The ’70s cult band Big Star has been lionized by R.E.M. and the Replacements and covered by the Bangles and Garbage, yet the star-crossed group never came within spitting distance of living up to its name during its brief lifespan. Now, however, a Big Star oldie is getting big-time exposure via Fox’s highly rated sitcom That ’70s Show, which uses the band’s 1972 song ”In the Street” as its theme. Oddly, the tune — retitled ”That ’70s Song” — is credited to the composer of the show’s background music, Ben Vaughn (although the closing credits contain the phrase ”based on ‘In the Street’ by Alex Chilton and Chris Bell”). Vaughn, an old buddy of Chilton’s (cowriter Bell died in 1978), maintains that he isn’t trying to steal anyone’s thunder, saying his ”arranger’s credit” is merely for ”speeding up [the song] to make it sound like it came off of Who’s Next.” Says Vaughn: ”I called Alex and asked how he’d feel about [my reworking the song], and he said, ‘That’s great. I always wanted that song to see the light of day.”’ The notoriously media-shy Chilton didn’t return calls for comment, but former Big Star drummer Jody Stephens says his ex-band mate is happy with the financial arrangement. ”At the end of the day, I think everyone’s just grateful that song is in that show,” says Stephens. ”And I’m sure Alex can use the money.”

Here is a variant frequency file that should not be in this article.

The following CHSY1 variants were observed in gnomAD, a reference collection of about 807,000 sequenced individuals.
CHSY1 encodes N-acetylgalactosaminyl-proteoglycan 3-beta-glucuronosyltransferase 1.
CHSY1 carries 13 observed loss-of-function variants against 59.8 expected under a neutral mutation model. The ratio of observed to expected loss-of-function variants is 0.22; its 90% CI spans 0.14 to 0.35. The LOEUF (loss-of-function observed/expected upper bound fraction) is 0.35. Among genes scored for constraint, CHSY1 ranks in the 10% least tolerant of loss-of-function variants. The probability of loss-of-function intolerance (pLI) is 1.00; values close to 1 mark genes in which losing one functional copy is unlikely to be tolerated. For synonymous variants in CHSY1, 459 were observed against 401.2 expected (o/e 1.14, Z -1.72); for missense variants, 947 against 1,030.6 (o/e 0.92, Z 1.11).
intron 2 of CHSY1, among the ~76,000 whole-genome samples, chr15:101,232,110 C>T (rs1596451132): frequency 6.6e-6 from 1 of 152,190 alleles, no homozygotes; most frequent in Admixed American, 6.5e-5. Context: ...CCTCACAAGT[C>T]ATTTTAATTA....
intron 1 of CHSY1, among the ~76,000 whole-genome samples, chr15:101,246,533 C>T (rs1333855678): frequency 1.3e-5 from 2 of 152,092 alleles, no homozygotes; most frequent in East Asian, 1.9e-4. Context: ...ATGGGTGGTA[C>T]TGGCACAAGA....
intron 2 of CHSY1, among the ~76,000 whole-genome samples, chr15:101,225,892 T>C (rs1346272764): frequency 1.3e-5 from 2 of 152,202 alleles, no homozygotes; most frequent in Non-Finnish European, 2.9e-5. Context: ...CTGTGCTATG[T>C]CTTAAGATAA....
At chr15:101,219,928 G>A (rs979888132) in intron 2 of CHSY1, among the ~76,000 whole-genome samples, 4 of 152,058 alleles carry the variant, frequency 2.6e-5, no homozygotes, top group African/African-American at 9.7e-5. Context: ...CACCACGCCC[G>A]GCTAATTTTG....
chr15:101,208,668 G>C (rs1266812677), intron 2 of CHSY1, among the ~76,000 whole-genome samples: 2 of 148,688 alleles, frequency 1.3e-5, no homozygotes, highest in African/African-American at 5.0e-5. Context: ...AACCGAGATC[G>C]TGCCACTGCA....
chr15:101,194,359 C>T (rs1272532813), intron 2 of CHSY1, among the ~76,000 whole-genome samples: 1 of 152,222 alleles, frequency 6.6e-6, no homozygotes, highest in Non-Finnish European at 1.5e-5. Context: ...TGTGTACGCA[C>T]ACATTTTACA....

After months of struggling to attain Next Big Thing status, surrogate Spice Girls All Saints have finally hit it big in America with their top 10 single, ”Never Ever.” But there’s an untold story behind the song, which was the subject of a (surprisingly quiet) lawsuit filed in London this past January by American songwriters Sean Mather and Robert Jazayeri. The pair are seeking 50 percent of the copyright and royalties for ”Never Ever,” claiming that they wrote the music for the song and that All Saints member Shaznay Lewis added lyrics (the three share writing credits). All Saints decline to comment, but a rep for Mather and Jazayeri says the suit is close to resolution. In spite of the dispute, Lewis seems happy with the results of the collaboration, calling it ”a classic song” (something we’d never ever do).